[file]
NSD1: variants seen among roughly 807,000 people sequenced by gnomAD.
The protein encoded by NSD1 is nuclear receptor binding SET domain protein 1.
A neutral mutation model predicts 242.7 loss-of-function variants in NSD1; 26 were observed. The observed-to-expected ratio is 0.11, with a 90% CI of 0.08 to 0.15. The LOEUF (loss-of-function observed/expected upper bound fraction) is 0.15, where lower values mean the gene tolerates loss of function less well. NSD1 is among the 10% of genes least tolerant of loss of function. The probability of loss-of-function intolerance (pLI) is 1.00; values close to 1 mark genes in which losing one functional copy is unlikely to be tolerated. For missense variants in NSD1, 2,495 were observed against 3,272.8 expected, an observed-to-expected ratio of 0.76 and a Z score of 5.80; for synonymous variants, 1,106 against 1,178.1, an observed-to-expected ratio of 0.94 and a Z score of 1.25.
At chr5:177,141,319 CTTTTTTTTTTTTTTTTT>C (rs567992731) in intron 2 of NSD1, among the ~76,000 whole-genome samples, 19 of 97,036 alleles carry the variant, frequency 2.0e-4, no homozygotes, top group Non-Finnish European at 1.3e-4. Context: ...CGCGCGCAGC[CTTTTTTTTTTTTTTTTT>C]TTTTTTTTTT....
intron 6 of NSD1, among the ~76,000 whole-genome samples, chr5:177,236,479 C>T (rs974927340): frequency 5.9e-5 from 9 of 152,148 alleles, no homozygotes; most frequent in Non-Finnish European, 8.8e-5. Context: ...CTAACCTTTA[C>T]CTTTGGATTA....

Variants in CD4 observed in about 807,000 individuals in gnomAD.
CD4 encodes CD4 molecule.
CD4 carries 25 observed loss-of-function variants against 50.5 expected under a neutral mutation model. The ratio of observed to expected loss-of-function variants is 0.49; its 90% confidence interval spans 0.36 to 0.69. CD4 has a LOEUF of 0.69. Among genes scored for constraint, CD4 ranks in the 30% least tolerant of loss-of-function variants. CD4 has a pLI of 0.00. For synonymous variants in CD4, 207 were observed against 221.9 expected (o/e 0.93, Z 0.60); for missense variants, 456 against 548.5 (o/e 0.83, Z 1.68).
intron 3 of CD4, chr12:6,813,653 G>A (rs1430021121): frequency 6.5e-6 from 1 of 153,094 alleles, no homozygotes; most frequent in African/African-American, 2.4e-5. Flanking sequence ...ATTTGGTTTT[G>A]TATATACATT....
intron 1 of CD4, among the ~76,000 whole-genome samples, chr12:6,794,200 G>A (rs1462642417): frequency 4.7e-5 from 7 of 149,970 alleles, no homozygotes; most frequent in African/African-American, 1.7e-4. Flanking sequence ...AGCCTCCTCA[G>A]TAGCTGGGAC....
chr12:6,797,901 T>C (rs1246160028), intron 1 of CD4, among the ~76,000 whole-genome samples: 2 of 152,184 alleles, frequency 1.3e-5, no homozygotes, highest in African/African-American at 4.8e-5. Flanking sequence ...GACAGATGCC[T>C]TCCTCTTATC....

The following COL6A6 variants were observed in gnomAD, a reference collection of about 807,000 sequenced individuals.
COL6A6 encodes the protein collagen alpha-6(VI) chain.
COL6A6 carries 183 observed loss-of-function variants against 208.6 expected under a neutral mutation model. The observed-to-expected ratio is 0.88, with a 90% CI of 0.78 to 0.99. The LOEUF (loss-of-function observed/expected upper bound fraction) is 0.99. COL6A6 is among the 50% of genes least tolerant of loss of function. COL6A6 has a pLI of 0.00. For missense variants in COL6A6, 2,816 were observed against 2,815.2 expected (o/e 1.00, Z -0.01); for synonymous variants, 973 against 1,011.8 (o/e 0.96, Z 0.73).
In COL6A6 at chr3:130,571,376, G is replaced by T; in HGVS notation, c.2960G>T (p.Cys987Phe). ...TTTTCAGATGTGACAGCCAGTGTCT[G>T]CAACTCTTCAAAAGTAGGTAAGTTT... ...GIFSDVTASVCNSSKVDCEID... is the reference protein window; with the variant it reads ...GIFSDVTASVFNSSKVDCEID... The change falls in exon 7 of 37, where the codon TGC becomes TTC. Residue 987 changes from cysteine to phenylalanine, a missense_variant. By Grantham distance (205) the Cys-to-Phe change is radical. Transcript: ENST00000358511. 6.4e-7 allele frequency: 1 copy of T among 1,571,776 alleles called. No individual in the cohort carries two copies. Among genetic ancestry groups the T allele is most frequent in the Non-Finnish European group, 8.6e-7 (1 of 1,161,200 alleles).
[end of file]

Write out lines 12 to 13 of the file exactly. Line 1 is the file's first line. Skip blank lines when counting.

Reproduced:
The following COL6A6 variants were observed in gnomAD, a reference collection of about 807,000 sequenced individuals.
COL6A6 encodes the protein collagen alpha-6(VI) chain.